If you breathe through your mouth at night (sleep with your mouth open) and cannot keep your mouth closed, the first thing to try is a chinstrap to hold your jaw up and keep your mouth closed. Another option is a full-face mask that will allow you to breathe through your nose or your mouth. With a full-face mask, you won’t need a chinstrap because the seal covers both your nose and mouth.
Finally, a heated humidifier can be attached to the CPAP machine to add moisture to the CPAP air. For more information, see our article Why You Need a Heated Humidifier
9. Removing the Mask During Sleep
You wake up and the mask is gone. It’s normal to sometimes remove the mask in your sleep. Since a full-face mask stays in place better, that may be the first thing to try. A chinstrap will also help keep the mask on your face.
If you think you may have removed the mask because your nose was congested, try adding a heated humidifier to your CPAP machine.
If removing the mask continues to be a problem, consider setting an alarm for some time during the night to check whether the mask is still on. When the alarm wakes you up, if you find that the mask is still on, you can set the alarm for a later time the next night.
10. Machine Noise Is Annoying
The new models of CPAP machines are very quiet, almost silent. If the noise level of the machine is loud enough to be annoying, first check its air filter to make sure it is clean and that there isn’t anything in its way that might be blocking it. Also, keep your mask and hose clean and well maintained to minimize noise.
If the machine is still making a noise, have your doctor or CPAP supplier check it to make sure it is working properly.
If the machine is working properly and the noise is still bothering you, consider these steps:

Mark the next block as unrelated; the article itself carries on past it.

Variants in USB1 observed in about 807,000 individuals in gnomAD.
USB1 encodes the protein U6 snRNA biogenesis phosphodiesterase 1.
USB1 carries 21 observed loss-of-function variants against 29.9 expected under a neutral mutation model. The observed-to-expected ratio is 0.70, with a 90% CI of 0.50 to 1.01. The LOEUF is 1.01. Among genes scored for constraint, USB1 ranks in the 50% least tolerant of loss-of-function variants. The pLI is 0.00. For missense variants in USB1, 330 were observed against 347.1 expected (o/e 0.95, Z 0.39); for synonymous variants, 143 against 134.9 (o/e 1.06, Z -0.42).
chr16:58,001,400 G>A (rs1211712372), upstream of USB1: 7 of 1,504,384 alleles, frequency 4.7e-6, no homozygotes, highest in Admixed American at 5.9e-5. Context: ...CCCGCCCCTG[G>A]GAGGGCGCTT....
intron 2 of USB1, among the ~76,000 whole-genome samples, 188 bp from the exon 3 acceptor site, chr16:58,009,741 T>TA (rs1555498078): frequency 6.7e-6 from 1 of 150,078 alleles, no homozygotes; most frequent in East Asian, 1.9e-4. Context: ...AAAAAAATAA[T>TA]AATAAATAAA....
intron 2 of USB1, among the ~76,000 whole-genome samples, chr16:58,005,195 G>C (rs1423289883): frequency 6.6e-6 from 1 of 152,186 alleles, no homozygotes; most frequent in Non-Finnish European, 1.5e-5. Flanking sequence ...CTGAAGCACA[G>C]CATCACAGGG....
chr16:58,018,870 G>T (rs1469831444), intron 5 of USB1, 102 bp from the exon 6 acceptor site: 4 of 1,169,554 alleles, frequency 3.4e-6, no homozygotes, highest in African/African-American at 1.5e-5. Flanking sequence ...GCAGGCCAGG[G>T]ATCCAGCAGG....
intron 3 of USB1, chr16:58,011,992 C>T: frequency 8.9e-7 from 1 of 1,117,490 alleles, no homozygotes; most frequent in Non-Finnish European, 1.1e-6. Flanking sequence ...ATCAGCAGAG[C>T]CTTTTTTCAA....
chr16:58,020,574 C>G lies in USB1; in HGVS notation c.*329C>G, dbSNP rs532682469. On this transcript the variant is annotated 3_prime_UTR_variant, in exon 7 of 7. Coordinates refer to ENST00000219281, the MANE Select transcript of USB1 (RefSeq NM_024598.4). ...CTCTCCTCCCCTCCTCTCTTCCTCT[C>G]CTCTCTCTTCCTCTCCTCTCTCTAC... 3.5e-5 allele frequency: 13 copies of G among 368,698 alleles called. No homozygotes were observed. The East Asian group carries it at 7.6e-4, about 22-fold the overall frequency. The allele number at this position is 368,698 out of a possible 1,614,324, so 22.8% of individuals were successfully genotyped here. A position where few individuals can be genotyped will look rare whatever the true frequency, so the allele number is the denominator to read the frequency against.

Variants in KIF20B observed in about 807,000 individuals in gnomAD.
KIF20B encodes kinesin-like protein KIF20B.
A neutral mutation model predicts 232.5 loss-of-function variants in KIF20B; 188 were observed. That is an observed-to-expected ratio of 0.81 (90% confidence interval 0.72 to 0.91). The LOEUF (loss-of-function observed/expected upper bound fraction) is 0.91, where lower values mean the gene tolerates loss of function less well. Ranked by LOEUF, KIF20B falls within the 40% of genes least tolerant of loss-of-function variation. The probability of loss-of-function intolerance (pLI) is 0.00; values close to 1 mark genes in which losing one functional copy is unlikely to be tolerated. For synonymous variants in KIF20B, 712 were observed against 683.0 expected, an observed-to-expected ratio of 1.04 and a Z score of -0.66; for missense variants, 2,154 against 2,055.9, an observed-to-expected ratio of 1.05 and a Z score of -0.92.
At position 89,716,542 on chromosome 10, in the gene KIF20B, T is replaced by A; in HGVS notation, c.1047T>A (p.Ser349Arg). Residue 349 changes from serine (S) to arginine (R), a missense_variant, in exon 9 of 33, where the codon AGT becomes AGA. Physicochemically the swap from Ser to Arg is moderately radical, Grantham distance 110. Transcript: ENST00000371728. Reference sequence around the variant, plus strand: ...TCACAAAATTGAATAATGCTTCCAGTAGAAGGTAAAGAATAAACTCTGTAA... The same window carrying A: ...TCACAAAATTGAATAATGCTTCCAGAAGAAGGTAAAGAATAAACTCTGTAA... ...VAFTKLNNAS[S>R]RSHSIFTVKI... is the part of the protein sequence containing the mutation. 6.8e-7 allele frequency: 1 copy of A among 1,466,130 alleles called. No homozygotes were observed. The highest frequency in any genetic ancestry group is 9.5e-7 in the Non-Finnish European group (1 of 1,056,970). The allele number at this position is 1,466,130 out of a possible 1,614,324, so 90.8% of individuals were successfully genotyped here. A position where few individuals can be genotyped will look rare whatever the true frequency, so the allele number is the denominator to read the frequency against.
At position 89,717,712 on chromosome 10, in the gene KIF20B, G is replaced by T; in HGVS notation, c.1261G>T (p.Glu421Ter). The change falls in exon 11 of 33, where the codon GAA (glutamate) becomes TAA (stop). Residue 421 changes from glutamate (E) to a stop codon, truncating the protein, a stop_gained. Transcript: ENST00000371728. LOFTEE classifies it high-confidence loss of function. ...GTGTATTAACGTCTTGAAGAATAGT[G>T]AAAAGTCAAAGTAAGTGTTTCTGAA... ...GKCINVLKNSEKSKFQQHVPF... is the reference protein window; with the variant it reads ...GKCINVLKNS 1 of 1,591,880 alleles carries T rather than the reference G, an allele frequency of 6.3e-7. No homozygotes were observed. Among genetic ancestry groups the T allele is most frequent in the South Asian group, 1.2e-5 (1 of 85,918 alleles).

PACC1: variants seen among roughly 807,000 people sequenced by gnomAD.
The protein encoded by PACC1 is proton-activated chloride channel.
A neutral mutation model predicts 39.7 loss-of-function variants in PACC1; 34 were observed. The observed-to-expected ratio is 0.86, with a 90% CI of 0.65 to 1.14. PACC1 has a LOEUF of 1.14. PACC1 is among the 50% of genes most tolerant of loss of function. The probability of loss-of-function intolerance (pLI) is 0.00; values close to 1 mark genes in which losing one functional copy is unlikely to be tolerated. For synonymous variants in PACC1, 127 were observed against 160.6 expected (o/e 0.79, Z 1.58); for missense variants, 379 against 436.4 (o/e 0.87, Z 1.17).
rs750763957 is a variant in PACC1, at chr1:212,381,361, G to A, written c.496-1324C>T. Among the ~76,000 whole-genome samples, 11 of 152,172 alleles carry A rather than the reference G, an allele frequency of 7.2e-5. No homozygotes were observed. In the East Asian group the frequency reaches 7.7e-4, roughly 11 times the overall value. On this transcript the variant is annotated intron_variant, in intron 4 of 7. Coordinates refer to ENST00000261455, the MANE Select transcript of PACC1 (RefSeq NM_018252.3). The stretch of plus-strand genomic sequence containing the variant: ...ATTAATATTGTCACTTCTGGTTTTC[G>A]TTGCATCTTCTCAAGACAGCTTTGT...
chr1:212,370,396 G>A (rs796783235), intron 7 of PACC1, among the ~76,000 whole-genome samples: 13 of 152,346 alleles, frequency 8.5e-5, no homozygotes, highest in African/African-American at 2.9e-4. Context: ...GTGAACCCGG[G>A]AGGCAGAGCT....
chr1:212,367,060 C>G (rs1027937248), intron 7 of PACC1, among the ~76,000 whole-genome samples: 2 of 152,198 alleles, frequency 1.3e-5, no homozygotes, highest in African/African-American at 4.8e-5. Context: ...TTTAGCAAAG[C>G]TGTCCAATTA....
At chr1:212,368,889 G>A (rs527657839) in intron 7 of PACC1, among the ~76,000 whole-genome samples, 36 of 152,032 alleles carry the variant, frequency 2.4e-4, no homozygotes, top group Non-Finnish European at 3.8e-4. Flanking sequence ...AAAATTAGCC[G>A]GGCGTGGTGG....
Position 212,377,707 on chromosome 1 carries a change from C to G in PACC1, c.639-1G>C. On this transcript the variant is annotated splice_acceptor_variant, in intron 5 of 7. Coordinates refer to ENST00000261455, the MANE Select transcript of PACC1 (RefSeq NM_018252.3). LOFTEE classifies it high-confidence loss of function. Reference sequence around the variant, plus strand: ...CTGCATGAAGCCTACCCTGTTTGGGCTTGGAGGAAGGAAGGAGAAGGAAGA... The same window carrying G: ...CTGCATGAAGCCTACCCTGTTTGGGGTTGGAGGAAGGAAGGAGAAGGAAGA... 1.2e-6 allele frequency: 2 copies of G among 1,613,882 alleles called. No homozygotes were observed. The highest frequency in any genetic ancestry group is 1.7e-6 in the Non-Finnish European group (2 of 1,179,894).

- Go old school and try wearing earplugs.
- Use a white noise sound machine, music, or sounds of waves to cover up the CPAP machine noise.
- Ask your doctor or CPAP supplier for extra tubing (if available and safe for your machine) and place the machine as far away from the bed as possible to help make the machine noise less noticeable.
The only thing constant in life is change. A diagnosis of sleep apnea and the need to use a CPAP device is a massive change. We hope that the above tips along with the #1 CPAP PILLOW by EnduriMed will help you endure and even thrive on this journey.
Your keys to success are time and patience. You must have patience and you must persevere because the treatment is essential to avoid complications of sleep apnea, such as heart disease, stroke, inability to concentrate, excessive daytime sleepiness, and automobile accidents.
So adjust settings, troubleshoot problems, and speak with your doctor and CPAP supplier to ensure the best mask and experience for you. It can take some time to find the correct settings and get used to the mask, but practice makes perfect.
CPAP can positively affect your quality of life and health, and our pillow can help you …